It's now just five days to election day in Boston, when five
powerhouse pols vie for four at-large city council seats. (I have been
greatly impressed by Will Dorcena and Sean Ryan, the other two
candidates on the ballot, but neither is likely to have a chance at
cracking the top four.)
All five have won city-wide before. Two
have run serious campaigns for higher office and may do so again; the
other three are expected to have higher office in their future. All have
strong bases of support, experienced staff, devoted volunteers. So,
this is a major league game of musical chairs.
Also, five days
out is when I start considering the weather forecast -- and as of now it
says Tuesday will be sunny, in the low 60s. Perfect voting weather.
will be a low-turnout affair, with a sharp divide between the city as a
whole, which is mostly tuned out, and the so-called "supervoters" who
always show up at the polls. The candidates, understandably, devote all
their time and resources (phone calls, door knocks, mailings) on those
supervoters -- which widens the gap, leaving the rest of the city even
more uninformed and disengaged, and less likely to participate.
who are part of the supervoter subset are not always terribly
well-informed, but in the at-large field the ones who actually get to
the polls usually have one or two specific candidates who they know and
like pretty well. This is also a self-reinforcing electorate trait,
because campaigns direct their get-out-the-vote efforts at their "ones,"
which for those of you outside the rarified world of political
campaigns refers to voters who have told the campaign they are
definitely voting for that candidate. So, for example the Connolly
campaign identifies its "ones," and targets its final effort toward
getting those "ones" to the polling place. Voters who are undecided
don't get this kind of devoted follow-up, because why would the Connolly
folks spend its time and resources dragging somebody out who might vote
for somebody else?
All of this is true of pretty much all elections, but is intensified in low-turnout affairs like this one.
In addition, this race is unusual for two reasons.
most races are either A) riding down-ballot, with turnout driven by
something bigger, like a governor's race; or B) itself something big,
like a governor's race. In both cases, the effort to identify and bring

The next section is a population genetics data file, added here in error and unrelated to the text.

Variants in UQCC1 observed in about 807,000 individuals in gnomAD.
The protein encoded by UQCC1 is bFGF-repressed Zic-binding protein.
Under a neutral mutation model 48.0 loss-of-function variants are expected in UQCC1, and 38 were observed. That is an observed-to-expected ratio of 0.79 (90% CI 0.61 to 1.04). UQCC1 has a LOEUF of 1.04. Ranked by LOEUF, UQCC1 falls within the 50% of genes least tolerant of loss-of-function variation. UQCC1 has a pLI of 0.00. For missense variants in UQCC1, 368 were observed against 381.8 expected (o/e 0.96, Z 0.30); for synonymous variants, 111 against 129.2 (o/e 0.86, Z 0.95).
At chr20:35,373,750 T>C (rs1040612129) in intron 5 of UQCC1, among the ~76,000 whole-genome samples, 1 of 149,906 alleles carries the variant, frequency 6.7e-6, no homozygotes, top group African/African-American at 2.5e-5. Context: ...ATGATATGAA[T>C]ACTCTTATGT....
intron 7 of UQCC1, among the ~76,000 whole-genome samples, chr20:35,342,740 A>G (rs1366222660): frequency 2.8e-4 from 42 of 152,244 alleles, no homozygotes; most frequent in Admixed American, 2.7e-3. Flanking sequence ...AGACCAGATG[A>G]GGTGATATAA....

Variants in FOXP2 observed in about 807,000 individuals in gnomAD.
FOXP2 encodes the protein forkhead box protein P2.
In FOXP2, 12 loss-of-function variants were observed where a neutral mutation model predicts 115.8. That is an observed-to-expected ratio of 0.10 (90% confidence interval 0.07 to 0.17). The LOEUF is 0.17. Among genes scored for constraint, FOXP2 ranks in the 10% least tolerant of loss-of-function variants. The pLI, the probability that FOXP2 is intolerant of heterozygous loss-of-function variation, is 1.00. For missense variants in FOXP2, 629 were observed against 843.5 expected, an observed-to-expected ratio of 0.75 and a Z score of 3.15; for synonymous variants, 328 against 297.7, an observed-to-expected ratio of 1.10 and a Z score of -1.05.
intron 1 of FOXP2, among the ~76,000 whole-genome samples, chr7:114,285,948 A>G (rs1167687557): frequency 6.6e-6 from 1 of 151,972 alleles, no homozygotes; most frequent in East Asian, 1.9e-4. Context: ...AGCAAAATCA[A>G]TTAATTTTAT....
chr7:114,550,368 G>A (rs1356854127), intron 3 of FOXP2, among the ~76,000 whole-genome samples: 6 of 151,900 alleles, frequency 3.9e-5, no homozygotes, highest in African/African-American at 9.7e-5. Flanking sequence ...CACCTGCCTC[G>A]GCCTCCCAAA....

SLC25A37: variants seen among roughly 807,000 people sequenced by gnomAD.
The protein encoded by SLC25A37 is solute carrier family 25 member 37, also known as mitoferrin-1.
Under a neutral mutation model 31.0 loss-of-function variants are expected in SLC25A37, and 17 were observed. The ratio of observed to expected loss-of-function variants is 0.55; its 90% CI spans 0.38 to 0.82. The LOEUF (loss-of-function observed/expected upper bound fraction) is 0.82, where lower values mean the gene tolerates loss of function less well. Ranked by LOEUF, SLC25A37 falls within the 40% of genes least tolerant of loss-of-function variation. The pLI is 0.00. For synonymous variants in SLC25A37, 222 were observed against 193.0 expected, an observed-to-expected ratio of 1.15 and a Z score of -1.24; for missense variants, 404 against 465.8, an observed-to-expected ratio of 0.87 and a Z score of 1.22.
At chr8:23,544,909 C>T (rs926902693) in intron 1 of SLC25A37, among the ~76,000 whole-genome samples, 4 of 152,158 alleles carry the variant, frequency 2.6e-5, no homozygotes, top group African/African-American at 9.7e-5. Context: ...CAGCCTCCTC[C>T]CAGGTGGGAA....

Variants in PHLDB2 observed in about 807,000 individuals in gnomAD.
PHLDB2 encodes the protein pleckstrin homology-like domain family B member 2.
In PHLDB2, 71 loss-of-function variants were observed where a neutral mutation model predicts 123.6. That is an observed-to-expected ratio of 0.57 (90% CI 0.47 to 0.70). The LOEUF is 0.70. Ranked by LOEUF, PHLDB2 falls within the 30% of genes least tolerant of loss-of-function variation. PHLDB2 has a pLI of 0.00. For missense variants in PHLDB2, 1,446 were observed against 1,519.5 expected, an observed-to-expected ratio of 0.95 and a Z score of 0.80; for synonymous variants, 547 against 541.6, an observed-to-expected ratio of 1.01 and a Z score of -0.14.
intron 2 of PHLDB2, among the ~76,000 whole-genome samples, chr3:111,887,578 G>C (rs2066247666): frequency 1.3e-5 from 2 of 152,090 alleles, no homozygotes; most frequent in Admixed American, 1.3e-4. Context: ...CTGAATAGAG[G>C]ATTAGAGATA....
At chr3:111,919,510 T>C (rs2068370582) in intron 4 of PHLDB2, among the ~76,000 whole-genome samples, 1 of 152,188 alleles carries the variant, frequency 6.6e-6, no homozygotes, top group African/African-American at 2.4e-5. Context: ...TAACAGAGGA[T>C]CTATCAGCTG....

out "ones" is really an attempt to affect at the margins, because large
numbers of voters are just showing up on their own. In this race,
however, the at-large is the biggest, most high-profile race on the
ballot (except perhaps in District 3) -- but it's not high-profile
enough for large numbers of people to just show up for it.
second oddity is that this is a multiple-vote election. In most races,
getting out your ones is a straightforward, zero-sum thing: if Suzanne
Lee, for example, gets one of her ones to show up to vote in District 2,
you chalk up a gain of one for her over Bill Linehan. But in the
at-large race, when Connolly gets one of his ones to the polls, that
person can go on to cast three more votes in the same race, for
This long-winded exposition gets me to
finally making my point, which is that forces in this particular
election conspire to ensure that the electorate will consist of a fairly
small number of people, who have definite plans to vote for at least
one specific candidate, but are probably winging it from there.
means that there are two big keys to the results. First, how strong is
each candidate's "base" turnout tomorrow? Second, what does each
candidate's base do with the rest of their votes?
Michael Flaherty's base voters in Southie, Dorchester, and Charlestown
"bullet" their guy (ie, use just the one vote)? If so, that probably
takes votes from Murphy.
--Will Felix Arroyo's base among labor
follow their locals' endorsements, which in many cases would include
Ayanna Pressley but not Flaherty? Or do they go with their instincts and
past votes, which in many cases would be the reverse?
Pressley's base among progressives vote to return the four incumbents,
or will they give a vote to Flaherty, who many of them voted for when he
teamed up with Sam Yoon in the '09 mayoral race?
Connolly's base in West Roxbury follow his advice to return all four
incumbents, or do they give a vote to the more familiar Flaherty? And if
so, at whose expense?
--Will black voters give a vote to
Dorcena, along with (in most cases) Pressley and Arroyo, leaving them
only one additional vote? And who gets that vote, if anybody?
could keep adding questions to this list. Honestly, I think it's
possible, in guessing the answers to these questions, to construct a
scenario in which any one of the big five lands in the fifth spot --
although some scenarios are considerably more or less likely than
I believe that Connolly will top the ticket, and Arroyo
will finish second -- and the other three could end up in any order at
I have said all along that I thought Ayanna Pressley is the
most likely of the five to get a rock. But today, from talking to people
in and around the campaigns, and others plugged in around the city, I
think the answers to questions like those above are most likely to play
out in a way that leaves Murphy out.
So if I had to wager right now, I'd predict a final order of 1) Connolly, 2) Arroyo, 3) Flaherty, 4) Pressley, 5) Murphy.
level of confidence in any of that remains low, so I would not be at
all surprised to be wildly wrong about any of that. But at least the
weather should be nice.